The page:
Punch in and shut up

Robert Stacy McCain leads off the Case of the Aggravating Actress with a grandly general — and pretty damned accurate — summary of the way workplaces are supposed to, well, work:

People must be judged strictly on their ability to get the job done. It doesn’t matter whether you “like” somebody or not. It’s not about friendship or popularity. The key to survival is to focus on the task in front of you — cranking it out day after day on deadline — while ignoring all merely personal considerations.

This is one of those big Life Lessons that young people have to learn the hard way, if they are ever to succeed at the highest levels. The real world isn’t like high school. A childish fascination with “popularity” is counter-productive in most real-world work environments. People who attempt to manipulate their way to undeserved success by playing office-politics games will ultimately produce harmful effects to the organization.

I generally don’t claim to be especially “successful,” deserved or otherwise, but I probably have less fear of being sacked than most of the population, simply because I have a good grasp of the nose/grindstone interface: I crank it out, day after day, and my deadlines are only slightly less inexorable than McCain’s.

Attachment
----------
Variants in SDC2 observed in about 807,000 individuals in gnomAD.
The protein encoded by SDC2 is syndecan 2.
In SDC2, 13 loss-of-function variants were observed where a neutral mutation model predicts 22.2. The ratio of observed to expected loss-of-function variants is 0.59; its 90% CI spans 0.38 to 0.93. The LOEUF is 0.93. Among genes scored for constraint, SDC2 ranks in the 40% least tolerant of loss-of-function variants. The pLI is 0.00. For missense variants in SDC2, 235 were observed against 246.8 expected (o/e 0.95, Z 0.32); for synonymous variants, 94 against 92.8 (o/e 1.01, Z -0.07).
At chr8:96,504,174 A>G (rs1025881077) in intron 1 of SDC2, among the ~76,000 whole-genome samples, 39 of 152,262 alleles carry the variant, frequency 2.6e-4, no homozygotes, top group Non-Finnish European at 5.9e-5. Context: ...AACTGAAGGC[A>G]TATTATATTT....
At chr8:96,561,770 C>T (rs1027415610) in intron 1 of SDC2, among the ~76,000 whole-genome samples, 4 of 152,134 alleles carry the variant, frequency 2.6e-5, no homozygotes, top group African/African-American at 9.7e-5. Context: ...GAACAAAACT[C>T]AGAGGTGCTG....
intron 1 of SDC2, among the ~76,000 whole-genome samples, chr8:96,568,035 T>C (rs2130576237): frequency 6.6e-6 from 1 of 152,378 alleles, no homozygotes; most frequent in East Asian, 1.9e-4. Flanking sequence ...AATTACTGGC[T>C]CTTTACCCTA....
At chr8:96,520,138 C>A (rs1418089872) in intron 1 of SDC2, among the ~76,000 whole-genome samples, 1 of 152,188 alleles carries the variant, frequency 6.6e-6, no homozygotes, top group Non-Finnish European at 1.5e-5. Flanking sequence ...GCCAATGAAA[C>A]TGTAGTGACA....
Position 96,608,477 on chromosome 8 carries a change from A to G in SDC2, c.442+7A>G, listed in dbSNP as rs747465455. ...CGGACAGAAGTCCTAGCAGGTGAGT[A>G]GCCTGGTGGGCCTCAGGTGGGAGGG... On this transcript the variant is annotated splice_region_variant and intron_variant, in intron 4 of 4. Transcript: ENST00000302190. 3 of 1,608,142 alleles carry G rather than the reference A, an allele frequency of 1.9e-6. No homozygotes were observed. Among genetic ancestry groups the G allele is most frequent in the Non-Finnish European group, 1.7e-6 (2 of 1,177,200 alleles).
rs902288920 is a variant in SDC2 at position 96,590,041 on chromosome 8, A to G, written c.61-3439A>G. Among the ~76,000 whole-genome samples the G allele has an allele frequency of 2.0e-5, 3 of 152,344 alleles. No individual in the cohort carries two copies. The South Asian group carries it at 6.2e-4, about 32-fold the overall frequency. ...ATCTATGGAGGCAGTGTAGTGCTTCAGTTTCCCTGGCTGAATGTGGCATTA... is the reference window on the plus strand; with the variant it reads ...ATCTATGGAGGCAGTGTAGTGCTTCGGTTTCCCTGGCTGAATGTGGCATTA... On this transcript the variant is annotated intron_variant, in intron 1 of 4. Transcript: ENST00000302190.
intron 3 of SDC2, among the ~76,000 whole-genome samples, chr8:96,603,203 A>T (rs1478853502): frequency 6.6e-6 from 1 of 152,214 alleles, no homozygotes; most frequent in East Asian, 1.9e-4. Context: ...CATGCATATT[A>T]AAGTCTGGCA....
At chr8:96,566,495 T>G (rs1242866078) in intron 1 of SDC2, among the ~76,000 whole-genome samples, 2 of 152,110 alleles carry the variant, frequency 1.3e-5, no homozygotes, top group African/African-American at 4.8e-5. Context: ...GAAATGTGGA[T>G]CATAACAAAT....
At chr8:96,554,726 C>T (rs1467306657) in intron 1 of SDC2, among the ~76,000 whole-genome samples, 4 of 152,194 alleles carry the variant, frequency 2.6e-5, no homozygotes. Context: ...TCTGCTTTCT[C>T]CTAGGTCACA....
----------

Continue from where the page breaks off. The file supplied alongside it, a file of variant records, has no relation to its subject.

Have I always been this conscientious? No. However, I have more than a passing acquaintance with the consequences for failing to be.







3 comments

  1. hatless in hattiesburg »

    12 January 2013 · 3:13 am

    yes things *should* be this way. but the problem is that the manipulative types do gain undeserved success (money, power, fame, etc.) by playing office-politics games, and do not care about the “harmful effects to the organization” that behavior causes.

    ethics just don’t pay too well on this planet…

    (see also matthew 6:19-21)

  2. fillyjonk »

    12 January 2013 · 8:57 am

    On the other hand, there are workplaces where being an out-and-out a-hole to the other people (as opposed to trying to win the popularity contest) WILL get you sacked. I saw it happen to someone at my workplace.

    But McCain does have a point – we’ve lately seen a sharp uptick in e-mails and reminders-at-meetings from highers-up to fulfill our responsibilities, things that make people in my department look at each other in puzzlement and say, “There are people on this campus not doing those things already?” So perhaps there are some cases of someone getting the job (and being retained in the job) on the basis of popularity, who just can’t or won’t cut it in terms of actually productivity, and it makes it that much more annoying for the rest of us.

  3. Charles Pergiel »

    12 January 2013 · 12:26 pm

    I B thinking that LL’s early life has some bearing on both her success and her failure. Dealing with crazy people caused her to learn to act. Living with crazy people, well, she had a bad role model.

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